The discontinued Audemars Piguet Royal Oak Day & Date ref. 25572 —a.k.a. the 'Owl' among AP watchlifestylers because of the resemblance to the eyes of an owl— is one of the most beautiful Royal Oaks ever made.
Originally launched in the early 1980s, this lovely 36 mm reference was discontinued in the early 1990s and later replaced by ref. 26330 fitted with a larger case measuring 39 mm —just like the Royal Oak Jumbo or the ref. 15300— and with a 'grande tapisserie' dial.
While the original 'Owl' was available in stainless steel, stainless steel with 18K yellow gold and 18K yellow gold, its successor ref. 26330 is only available in stainless steel on a bracelet and in rose gold with a brown crocodile strap.
The dial on this Royal Oak Day & Date ref. 25572ST still features the 'petite tapisserie' with an AP logo at 12 o'clock and anodized blue hands for the day and date indicators. Something really sad about this particular watch is that the owner made the terrible mistake of getting the original dial —a rare Tiffany & Co. dial— replaced with a new one.
This early example of the Audemars Piguet Royal Oak Day & Date ref. 25572ST comes with a blade folding clasp like all Royal Oaks made between 1972 and the mid-80s. The clasp comes with the traditional flip-lock bearing the AP logo. Something we've noticed is that the clasp bears the code H11. This letter code is typically not present on all other Royal Oak models with a blade folding clasp. Also the back of some of the links on the bracelet are marked AP.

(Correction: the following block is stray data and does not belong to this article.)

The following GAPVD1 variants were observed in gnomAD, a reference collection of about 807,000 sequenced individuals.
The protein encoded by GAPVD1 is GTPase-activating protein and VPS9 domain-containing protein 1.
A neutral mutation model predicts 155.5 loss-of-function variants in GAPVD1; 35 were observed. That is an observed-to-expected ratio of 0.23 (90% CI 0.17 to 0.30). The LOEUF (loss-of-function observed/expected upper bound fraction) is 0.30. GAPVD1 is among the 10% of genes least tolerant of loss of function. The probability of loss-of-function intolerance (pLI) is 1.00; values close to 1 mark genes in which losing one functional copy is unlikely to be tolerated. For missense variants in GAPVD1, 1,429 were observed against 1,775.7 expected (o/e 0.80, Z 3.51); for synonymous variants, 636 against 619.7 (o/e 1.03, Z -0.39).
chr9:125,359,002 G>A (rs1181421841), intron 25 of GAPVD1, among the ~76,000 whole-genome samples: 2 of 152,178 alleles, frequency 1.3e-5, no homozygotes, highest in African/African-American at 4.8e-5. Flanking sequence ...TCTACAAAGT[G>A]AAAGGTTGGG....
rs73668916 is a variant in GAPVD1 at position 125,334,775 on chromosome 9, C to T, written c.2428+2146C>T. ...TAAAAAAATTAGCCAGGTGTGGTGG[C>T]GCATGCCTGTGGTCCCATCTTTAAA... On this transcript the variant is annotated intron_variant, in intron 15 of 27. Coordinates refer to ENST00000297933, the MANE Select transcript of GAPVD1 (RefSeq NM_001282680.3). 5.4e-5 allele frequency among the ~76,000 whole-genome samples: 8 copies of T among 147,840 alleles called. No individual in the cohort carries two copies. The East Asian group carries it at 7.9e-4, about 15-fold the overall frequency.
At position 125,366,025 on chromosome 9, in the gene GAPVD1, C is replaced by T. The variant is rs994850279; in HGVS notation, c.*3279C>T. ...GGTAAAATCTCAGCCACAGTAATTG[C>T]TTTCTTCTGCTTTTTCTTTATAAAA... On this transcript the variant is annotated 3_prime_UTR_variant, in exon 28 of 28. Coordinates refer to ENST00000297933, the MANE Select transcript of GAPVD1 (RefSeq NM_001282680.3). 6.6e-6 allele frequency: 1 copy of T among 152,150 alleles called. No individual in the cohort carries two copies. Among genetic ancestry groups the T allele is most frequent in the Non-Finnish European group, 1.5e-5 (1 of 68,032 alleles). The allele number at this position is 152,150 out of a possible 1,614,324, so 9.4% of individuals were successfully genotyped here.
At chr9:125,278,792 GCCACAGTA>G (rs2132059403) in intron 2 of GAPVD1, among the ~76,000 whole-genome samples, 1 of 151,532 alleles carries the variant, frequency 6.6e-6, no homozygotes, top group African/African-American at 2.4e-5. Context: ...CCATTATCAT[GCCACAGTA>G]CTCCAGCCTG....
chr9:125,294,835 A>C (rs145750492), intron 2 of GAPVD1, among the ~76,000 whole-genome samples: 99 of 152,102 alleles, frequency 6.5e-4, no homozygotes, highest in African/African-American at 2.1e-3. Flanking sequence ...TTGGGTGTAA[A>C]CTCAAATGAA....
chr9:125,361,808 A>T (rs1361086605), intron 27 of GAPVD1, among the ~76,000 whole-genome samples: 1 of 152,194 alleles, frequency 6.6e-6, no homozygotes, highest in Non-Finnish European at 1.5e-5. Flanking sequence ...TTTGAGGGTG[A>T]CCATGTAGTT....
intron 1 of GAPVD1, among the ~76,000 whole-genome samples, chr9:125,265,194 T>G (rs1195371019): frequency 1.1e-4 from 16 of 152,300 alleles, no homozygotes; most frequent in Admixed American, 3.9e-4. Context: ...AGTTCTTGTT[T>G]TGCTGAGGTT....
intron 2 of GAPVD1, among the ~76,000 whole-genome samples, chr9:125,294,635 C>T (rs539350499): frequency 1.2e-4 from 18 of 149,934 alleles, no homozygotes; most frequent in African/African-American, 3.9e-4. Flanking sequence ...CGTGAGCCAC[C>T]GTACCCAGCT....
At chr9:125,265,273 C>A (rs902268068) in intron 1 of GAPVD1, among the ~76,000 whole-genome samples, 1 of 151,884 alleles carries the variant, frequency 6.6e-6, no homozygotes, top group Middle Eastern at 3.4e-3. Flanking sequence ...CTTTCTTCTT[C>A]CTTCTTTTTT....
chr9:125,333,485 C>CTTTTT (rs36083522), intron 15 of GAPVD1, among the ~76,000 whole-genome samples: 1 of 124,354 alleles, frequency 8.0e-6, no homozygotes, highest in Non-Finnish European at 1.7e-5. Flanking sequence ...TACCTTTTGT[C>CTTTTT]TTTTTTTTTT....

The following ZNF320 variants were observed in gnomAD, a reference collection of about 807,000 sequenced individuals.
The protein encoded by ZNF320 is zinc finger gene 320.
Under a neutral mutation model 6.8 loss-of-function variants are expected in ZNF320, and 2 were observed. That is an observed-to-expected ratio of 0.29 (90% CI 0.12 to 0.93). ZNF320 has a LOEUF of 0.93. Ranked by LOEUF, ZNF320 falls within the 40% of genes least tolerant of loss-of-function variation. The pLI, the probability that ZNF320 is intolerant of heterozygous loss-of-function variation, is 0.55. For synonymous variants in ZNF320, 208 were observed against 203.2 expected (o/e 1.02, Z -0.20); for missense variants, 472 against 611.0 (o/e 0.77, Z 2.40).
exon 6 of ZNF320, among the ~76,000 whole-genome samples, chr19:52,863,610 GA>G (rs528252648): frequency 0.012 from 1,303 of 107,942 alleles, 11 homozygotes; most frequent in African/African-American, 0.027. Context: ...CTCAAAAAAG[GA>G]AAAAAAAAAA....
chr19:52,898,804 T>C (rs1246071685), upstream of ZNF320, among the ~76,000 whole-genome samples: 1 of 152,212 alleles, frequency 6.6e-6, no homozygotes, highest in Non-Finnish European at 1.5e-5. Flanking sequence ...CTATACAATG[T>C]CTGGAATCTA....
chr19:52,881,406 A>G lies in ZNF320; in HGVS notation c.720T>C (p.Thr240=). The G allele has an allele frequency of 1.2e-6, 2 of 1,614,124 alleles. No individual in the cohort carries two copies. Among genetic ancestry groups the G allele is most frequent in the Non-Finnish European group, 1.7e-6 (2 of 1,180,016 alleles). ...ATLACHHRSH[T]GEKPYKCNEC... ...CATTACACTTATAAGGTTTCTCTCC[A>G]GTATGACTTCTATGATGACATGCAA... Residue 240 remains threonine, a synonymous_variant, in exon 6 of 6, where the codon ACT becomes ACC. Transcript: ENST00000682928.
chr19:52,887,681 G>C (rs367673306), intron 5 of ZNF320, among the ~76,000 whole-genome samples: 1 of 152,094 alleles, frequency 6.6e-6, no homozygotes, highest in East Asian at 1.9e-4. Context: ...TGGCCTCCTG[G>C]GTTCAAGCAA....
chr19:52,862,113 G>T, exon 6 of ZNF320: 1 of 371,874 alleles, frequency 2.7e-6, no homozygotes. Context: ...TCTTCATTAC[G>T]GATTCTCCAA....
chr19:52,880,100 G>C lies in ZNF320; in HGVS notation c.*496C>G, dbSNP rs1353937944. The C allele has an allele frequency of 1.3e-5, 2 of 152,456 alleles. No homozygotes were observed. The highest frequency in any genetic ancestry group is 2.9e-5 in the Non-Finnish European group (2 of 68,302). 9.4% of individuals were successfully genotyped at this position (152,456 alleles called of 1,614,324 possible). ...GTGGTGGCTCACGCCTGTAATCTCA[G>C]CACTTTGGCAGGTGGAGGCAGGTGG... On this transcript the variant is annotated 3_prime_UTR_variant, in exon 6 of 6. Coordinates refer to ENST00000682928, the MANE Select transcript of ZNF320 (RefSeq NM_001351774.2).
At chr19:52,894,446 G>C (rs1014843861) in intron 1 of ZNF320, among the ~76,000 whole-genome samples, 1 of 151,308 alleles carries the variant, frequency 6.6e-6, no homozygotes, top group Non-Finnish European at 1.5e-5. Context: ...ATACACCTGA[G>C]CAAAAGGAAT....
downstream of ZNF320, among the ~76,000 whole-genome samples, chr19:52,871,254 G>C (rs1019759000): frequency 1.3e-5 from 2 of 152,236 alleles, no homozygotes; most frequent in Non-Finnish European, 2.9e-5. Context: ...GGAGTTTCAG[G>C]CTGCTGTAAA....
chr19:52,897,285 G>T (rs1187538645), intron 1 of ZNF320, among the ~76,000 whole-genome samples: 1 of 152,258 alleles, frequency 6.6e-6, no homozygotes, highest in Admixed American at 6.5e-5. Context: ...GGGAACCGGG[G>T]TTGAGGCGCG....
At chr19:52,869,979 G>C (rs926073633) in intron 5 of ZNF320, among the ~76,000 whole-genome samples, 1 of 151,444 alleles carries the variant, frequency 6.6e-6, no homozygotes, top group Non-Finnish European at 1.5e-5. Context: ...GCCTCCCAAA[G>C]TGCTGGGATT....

Something worth mentioning is that the bracelet on older Royal Oaks —especially on those where the sides of the bracelet have been over-polished— will start showing the soldering marks where the pins where originally inserted while creating the bracelet.
The movement inside this reference is the Audemars Piguet calibre 2124/2810. The first numbers refer to the calibre itself and the next four to the day-date module used on said movement.
The case back on this Royal Oak, just like on all other Royal Oaks from the era is solid. All Royal Oaks up until 1999 used to have a monoblock case. The first Royal Oak models to be fitted with a display case back were the Royal Oak 'Time for the Trees Foundation' Limited Edition ref. 15100ST presented in 1999 and the Nick Faldo Limited Edition ref. 15190 presented in 2002. The Foundation was available in 500 pieces —450 in stainless steel and 50 in 18K yellow gold— and the Faldo had 450 pieces in stainless steel.
The watch comes with a screw-down crown that is marked with the AP logo; however, this model was originally
fitted with an unmarked crown and the AP logo crown is a service
replacement crown. The serial number on the case is under 300.
If you are looking for a classic Royal Oak that very few own, then the 'Owl' ref. 25572 is a model that you definitely must have. Now, be prepared to spend a ton of time setting the day and the date on ref. 25572 as it is fitted with the rapid-advance feature but not with a quick-set mechanism. The rapid-advance feature lets you advance the calendar by going past midnight and then back to 10 pm as many times as necessary.
Today, finding the original 'Owl' ref. 25572 in perfect condition is as hard as finding a needle in a haystack. If you like the 'Owl' as much as we do, you might be better off settling for a ref. 26330 and avoiding the headaches that might come with buying a vintage Royal Oak that might not be in the best mechanical shape.
Current Sticker Price of the modern 'Owl' ref. 26330 $19,100 USD. For more info click here.